advertisement
advertisement

Credit Karma weighs in on why its scores are different after viral Twitter discussions

All scores are not created equal.

Credit Karma weighs in on why its scores are different after viral Twitter discussions
[Photo: philipdyer/iStock]
advertisement
advertisement

Twitter was abuzz today with questions about Credit Karma, the Intuit-owned personal finance company that provides people with free copies of their credit scores. It’s unclear what exactly prompted the discussions, but some users had noted how Credit Karma scores can be, shall we say, more generous than other scores out there.

advertisement

The short answer for why different entities produce different scores about your credit is because they’re calculated using information from three distinct credit bureaus—Equifax, Experian, and TransUnion—and that information can vary. For instance, a lender may report negative or even erroneous information about you to only one of the bureaus, meaning scores that factor in that bureau would be negatively impacted.

Moreover, different scores are generated using different scoring models. Credit Karma scores use models from VantageScore, which is not as widely used as the market dominant FICO. This is not to say that the score you receive from Credit Karma is inaccurate, but it might very well be different from the score a lender would actually use to assess your creditworthiness. As CNBC reported, it’s not uncommon for consumers to receive a higher score from a service that provides free scores only to be shocked to learn that their FICO score is lower than they expected.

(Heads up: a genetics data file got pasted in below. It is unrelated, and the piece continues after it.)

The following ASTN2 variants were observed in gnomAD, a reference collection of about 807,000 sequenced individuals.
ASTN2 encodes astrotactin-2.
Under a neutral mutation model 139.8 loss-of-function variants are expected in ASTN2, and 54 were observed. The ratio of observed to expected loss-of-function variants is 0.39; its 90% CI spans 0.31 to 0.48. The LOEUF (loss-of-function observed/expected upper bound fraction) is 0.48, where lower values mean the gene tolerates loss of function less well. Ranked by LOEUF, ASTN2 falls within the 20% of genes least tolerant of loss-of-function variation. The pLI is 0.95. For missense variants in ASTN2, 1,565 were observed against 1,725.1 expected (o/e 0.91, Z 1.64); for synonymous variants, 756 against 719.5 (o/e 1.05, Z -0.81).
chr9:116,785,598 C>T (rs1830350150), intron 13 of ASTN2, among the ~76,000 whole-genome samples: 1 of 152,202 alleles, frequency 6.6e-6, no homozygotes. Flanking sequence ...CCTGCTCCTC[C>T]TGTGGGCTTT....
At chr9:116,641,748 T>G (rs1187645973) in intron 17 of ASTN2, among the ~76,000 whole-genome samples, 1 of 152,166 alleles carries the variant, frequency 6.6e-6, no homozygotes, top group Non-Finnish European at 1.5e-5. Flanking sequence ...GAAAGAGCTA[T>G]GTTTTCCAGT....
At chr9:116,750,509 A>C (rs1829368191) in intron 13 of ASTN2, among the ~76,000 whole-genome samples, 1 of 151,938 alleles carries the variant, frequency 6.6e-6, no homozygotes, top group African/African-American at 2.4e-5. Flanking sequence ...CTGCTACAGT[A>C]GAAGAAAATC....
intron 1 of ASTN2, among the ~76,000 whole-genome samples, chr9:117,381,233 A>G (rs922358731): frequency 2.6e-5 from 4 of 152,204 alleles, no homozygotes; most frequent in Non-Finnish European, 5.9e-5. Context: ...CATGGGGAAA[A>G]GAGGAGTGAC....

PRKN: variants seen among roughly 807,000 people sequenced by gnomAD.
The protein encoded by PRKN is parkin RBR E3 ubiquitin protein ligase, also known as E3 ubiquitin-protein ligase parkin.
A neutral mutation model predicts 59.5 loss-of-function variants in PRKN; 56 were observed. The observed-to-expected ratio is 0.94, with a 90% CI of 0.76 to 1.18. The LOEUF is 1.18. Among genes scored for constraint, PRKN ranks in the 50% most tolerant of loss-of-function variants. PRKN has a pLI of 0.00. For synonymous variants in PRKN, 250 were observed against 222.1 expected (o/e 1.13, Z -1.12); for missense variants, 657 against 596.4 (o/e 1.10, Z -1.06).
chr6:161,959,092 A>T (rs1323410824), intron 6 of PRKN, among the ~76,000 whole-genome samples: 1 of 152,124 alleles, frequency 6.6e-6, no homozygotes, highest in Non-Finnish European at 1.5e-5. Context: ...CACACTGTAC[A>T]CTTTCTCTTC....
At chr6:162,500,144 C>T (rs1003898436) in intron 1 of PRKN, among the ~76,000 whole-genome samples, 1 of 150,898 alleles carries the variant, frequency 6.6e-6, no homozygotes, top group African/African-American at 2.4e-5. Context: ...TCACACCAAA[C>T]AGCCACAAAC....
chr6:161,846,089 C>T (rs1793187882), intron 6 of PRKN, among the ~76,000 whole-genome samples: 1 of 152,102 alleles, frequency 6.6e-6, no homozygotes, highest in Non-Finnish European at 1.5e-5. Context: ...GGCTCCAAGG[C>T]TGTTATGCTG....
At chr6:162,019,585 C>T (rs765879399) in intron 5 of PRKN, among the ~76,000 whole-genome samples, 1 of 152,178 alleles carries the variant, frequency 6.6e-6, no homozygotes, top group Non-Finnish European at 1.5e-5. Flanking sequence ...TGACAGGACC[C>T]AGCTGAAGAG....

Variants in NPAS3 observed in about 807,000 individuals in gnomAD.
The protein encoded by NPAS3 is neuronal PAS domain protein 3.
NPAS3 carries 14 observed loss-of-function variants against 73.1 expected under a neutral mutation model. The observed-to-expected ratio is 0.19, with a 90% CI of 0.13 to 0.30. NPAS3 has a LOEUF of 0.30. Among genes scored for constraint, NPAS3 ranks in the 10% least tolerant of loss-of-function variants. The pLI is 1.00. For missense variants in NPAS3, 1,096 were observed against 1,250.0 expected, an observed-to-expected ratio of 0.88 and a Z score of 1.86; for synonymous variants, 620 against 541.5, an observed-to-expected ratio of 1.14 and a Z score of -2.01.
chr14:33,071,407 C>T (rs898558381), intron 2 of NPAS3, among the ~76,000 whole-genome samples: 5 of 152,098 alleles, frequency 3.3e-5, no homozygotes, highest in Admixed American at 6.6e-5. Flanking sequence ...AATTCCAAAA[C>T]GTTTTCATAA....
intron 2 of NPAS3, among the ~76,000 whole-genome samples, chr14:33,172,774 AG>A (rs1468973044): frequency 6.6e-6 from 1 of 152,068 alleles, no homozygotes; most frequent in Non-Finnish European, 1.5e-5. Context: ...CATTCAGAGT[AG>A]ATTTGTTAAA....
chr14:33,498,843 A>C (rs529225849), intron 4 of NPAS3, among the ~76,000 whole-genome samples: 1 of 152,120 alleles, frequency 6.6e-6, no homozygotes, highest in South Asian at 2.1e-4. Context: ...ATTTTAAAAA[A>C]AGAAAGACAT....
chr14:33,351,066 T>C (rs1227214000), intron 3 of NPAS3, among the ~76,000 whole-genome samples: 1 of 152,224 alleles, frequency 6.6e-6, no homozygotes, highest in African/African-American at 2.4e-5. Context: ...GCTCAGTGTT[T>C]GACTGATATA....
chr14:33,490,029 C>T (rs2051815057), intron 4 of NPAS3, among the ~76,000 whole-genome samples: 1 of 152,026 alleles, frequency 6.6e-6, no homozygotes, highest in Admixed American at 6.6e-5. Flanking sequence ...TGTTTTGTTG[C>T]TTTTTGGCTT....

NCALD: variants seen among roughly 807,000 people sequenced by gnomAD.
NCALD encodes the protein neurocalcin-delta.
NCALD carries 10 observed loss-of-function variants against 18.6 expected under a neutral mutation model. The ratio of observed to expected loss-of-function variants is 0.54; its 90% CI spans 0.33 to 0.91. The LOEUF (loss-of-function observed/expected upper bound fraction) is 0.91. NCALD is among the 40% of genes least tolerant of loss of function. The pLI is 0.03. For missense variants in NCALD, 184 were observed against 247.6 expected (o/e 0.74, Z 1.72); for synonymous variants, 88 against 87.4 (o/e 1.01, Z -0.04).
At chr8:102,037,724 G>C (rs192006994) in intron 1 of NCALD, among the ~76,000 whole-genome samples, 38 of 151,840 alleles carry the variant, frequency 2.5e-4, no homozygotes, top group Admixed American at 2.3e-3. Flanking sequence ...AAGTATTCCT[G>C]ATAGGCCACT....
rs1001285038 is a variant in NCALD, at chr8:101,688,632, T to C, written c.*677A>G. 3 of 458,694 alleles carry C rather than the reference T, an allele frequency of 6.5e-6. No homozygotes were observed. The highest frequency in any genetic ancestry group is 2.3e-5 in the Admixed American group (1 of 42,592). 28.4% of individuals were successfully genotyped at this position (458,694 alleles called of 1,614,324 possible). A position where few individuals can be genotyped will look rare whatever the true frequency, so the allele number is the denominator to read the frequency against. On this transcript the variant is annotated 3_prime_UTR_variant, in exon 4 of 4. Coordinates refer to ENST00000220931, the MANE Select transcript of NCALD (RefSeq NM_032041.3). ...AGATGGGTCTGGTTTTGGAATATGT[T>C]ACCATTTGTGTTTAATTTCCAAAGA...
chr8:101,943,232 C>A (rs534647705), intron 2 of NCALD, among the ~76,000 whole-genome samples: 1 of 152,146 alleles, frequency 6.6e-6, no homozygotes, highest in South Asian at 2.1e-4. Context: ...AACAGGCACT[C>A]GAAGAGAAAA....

Reached for comment, a Credit Karma spokesperson said that while credit scores may be calculated differently, they typically paint a similar picture about your credit in the end. “It’s important to note that credit scores are highly correlative,” the company said. “That means if you’re rated a ‘good’ in one scoring model, you most likely have a ‘good’ credit rating in all other models. Most credit scores generally consider the same types of factors. While there are certain nuances to credit scores, they usually just weigh different factors or time periods differently.”

That said, the more you know about your scores, the better. If you’re planning to apply for a loan in the near future, it’s a good idea to find out your FICO score beforehand. Often, you can get your FICO score from your credit card company. If not, there are a few services that offer it for free.

About the author

Christopher Zara is a senior staff news editor for Fast Company and obsessed with media, technology, business, culture, and theater. Before coming to FastCo News, he was a deputy editor at International Business Times, a theater critic for Newsweek, and managing editor of Show Business magazine

More